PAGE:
One of the primary reasons you should be monitoring social media is to better understand your competition. Your marketing strategy must address the competition. Large organisations have long had competitive intelligence teams or functions that often tend to focus on feature / function comparisons for products and services. But Social Media and Big Data transform this process too and put real competitive intelligence within reach of every organisation.

We’ve previously posted a variety of posts on social media monitoring, including “Social Media – 5 Tips on How to Gain Insight from Monitoring“, “Social Media Monitoring Tools – 5 Key Features” and “The 5 W’s of Social Business Intelligence – An Introduction“.

In this post we are talking about assessing the competition. Here are our 5 Key Tips on using social media monitoring for competitive analysis:

1. Understand Why You Should Assess the Competition

There are really two sides to this – why do it, and why use social media? Differentiating your brand and your products or services presumes you know your competitors are doing – how they are positioning their brand and products and services. You won’t stand out from the crowd if you don’t know where they are, how they are behaving and what they are saying. And you need to know what, if anything, they are saying about you or to stand out from you. This will determine a lot about your overall marketing strategy and also how you integrate social into that strategy.

Why use social media? Firstly, there is a wealth of data there. Secondly, its in context to the markets and customers your business is trying to serve. Third, it contains unfiltered and unbiased data if you analyse correctly. One of the big problems in organisations is that competitive analysis usually starts from a view of ‘having the best product or service so lets focus on our features to compare’. It contains customer sentiment regarding these questions rather than an analyst’s view of the competition. Plus, social data is immediate, scalable to any level and unique. Competitive analysis should be a key component of any social media monitoring program and is integral to your social marketing

2. What should you monitor at the Competition?

A great starting point is to consider the 5 P’s of a Marketing Strategy – Product, Placement, Price, Promotion and People. Let this be your guide to start the process of competitive monitoring. So, at a minimum you should be monitoring the competitors brands and key products; mentions of their key executives, their key partners and you should be running that social media monitoring across every social channel. You really want to understand their marketing strategy and to do that you need to understand what channels they are most active in.

3. What to Assess at the Competition

You are trying to understand what your competitors are doing on the social web; what they are saying and when they are saying it. You want to know who their key people are and who they are engaging with. If possible you want to find out who influences them and more importantly, their customers. And most importantly, you are trying to understand what their customers are saying about their products and services – providing you opportunities to not only differentiate but potentially engage their customers directly. Your social media monitoring should reflect that.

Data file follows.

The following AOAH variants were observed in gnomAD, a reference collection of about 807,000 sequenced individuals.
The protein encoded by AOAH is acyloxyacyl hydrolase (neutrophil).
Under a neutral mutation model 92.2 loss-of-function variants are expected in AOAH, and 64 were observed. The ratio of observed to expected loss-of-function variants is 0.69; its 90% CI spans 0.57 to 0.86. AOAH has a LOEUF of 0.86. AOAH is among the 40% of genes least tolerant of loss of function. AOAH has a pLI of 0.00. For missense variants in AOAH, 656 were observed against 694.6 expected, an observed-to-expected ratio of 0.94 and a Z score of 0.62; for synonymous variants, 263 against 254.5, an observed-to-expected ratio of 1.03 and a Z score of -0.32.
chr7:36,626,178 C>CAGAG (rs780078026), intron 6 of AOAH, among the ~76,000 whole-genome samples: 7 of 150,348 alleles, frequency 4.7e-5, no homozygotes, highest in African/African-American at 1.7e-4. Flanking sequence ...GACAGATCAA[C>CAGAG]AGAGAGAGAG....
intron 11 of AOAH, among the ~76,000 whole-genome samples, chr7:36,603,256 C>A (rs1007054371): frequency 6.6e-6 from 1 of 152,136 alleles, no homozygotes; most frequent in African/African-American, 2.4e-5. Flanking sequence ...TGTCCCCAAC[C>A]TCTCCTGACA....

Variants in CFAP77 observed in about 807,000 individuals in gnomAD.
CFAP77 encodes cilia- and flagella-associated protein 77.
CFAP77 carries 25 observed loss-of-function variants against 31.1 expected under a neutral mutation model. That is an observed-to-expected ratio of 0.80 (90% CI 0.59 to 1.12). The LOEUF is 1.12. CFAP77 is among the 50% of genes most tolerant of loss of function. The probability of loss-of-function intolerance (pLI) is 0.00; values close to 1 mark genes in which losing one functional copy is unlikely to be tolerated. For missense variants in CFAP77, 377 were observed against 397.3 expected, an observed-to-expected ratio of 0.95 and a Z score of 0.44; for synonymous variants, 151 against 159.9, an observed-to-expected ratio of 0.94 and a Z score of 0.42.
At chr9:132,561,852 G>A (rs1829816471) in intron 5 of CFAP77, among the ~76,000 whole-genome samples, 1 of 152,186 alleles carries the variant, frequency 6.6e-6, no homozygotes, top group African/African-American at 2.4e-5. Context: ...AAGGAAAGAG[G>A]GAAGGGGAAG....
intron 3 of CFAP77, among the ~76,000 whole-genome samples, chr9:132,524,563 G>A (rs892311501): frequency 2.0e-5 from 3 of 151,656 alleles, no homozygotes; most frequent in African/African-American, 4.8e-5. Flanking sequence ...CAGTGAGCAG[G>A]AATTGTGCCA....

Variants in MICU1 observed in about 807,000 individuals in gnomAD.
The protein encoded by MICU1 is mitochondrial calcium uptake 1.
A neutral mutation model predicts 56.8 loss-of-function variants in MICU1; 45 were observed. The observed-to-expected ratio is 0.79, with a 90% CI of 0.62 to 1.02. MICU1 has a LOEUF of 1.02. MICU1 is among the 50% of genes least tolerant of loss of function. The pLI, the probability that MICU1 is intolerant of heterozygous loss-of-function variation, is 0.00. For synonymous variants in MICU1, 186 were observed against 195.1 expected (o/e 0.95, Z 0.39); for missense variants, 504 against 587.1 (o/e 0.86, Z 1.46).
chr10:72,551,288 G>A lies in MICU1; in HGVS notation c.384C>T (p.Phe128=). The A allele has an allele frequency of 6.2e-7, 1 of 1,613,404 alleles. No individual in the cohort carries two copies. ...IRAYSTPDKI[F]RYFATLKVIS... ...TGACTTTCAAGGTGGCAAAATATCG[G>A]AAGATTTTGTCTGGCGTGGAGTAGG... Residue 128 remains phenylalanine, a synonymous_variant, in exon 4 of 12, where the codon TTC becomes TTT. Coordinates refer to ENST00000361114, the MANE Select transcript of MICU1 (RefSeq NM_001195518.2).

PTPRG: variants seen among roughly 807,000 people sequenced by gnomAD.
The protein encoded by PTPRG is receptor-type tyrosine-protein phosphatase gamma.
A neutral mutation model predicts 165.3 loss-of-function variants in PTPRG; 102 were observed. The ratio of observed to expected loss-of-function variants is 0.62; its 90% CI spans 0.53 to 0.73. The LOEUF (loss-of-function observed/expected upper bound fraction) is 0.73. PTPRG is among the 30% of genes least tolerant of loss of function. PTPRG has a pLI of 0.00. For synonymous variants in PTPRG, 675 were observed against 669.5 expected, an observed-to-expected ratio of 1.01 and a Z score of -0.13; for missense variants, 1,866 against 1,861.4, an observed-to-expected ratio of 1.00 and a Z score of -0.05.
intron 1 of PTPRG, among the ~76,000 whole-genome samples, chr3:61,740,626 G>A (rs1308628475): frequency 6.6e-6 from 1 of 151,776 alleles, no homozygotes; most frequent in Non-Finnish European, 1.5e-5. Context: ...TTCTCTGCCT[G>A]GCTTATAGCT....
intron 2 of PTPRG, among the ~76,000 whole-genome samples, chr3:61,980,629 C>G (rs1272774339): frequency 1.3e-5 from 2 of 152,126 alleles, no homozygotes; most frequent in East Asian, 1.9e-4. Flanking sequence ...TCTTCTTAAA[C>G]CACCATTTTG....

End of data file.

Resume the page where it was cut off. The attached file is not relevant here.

4. What Results are you Looking for For?

Unlike non ‘social’ elements of your marketing strategy you are primarily trying to find people as a result of monitoring the competition. You are trying to find key people at your competitors and their names. The names of their customers and partners. The names of the people who influence them. You trying to find the names of users, contributors, influencers … as well as the issues they are talking about. Social business is about people first and foremost. This element of your marketing strategy needs to reflect that and focus on people who you can engage with in the future.

5. Social Media Presence Analysis

We recommend not just using social media monitoring for competitive analysis. You should also undertake a social architecture review of the competition to see what you can learn from their presence in LinkedIn, Facebook, Twitter, YouTube, Google+ and so on. There is much to understand by looking at how well your competition is leveraging the various social networks and how much engagement they are achieving. This may provide important ideas on how to improve your own usage of the various engagement platforms – and also traps to avoid.

In the same series, read also:
-> The 7 advantages of Social Business Intelligence
-> The 8 Challenges of Social Data Streams
As well as:
-> Social Media Monitoring Tools – 5 Key Features
-> Social Media – 5 Tips on How to Gain Insight from Monitoring
And more…